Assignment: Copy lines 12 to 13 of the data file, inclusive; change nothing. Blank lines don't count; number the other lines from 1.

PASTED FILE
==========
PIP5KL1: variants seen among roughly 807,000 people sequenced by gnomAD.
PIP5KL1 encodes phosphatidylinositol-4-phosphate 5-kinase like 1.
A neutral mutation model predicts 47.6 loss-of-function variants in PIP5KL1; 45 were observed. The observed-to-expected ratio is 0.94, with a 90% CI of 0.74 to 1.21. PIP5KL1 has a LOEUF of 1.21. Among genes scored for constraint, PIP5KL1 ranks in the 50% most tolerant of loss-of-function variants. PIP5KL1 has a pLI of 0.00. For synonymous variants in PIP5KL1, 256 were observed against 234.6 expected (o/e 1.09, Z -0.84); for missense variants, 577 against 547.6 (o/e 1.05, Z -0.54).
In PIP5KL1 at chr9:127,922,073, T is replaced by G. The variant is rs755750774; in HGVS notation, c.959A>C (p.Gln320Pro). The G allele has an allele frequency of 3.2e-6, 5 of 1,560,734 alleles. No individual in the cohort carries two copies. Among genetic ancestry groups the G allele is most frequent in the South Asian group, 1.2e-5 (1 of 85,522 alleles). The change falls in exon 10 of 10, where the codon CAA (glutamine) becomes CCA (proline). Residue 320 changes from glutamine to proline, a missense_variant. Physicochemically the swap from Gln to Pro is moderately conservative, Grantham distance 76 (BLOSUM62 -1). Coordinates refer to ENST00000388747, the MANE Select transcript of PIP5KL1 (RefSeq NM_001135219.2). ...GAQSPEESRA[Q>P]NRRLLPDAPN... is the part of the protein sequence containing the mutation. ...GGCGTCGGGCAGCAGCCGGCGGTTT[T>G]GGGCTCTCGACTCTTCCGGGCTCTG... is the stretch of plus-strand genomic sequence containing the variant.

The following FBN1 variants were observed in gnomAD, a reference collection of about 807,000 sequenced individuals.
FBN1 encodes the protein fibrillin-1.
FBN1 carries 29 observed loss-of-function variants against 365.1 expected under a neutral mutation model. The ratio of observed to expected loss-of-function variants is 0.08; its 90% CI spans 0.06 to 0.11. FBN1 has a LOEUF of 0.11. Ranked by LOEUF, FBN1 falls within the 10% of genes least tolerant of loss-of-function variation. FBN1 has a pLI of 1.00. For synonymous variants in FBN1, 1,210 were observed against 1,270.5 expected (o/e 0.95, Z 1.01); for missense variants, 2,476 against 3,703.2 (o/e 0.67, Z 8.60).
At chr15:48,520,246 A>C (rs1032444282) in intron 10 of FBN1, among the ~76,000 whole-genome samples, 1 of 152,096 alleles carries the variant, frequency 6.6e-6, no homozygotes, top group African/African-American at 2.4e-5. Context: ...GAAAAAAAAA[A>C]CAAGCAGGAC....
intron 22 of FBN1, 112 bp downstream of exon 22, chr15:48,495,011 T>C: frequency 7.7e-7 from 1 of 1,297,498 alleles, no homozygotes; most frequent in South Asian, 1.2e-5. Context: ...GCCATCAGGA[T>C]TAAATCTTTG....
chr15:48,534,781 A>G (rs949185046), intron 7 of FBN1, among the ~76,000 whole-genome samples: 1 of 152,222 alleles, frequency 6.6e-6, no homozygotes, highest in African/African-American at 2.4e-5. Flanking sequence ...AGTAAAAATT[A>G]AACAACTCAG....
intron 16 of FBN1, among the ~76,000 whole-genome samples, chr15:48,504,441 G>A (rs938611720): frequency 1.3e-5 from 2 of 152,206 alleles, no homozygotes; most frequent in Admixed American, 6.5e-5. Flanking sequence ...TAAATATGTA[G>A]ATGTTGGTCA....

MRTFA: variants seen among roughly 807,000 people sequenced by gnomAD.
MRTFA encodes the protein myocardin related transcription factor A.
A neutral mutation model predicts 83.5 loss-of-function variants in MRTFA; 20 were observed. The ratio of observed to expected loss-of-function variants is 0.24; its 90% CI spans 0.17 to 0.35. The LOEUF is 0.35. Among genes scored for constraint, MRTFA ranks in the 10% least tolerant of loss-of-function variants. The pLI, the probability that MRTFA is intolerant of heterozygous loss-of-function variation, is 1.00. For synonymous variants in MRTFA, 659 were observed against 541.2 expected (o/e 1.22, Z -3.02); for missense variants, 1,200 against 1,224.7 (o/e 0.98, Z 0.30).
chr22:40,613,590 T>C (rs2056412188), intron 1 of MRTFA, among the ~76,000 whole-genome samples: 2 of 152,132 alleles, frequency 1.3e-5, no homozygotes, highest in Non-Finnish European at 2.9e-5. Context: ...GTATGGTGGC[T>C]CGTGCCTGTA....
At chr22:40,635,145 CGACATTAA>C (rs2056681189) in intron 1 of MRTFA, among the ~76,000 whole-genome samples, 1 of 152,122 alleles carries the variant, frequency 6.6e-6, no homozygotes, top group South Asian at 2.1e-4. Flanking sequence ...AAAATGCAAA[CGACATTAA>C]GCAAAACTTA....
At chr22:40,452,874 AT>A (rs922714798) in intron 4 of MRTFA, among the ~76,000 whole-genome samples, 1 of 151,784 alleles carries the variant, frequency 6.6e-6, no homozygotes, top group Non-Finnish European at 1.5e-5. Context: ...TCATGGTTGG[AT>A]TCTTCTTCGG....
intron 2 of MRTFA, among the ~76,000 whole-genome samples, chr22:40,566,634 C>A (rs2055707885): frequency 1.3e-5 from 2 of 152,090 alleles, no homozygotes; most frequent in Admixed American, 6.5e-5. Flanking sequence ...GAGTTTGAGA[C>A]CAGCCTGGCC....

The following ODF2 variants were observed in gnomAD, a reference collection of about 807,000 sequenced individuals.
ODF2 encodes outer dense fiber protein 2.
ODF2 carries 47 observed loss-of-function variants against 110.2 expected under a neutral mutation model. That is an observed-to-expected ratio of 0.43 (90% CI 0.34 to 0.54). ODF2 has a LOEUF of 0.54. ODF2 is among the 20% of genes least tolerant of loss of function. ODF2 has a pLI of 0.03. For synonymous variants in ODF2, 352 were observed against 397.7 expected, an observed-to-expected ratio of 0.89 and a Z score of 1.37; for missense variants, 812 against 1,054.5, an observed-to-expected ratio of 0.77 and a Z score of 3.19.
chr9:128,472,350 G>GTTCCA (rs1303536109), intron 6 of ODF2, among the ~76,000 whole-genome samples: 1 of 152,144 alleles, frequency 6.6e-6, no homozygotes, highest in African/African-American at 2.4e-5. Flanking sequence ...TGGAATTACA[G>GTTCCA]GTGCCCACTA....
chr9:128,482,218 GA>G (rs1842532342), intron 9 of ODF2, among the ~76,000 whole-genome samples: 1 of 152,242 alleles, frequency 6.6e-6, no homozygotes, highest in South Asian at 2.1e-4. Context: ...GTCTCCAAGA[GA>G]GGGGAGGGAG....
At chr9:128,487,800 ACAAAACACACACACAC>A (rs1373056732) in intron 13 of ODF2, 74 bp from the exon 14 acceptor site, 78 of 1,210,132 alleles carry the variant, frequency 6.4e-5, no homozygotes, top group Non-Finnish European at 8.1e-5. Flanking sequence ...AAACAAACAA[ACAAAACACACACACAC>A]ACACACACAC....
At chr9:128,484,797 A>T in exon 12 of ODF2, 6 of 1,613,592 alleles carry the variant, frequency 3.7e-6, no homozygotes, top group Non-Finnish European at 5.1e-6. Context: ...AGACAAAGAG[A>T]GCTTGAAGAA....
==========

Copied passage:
MRTFA: variants seen among roughly 807,000 people sequenced by gnomAD.
MRTFA encodes the protein myocardin related transcription factor A.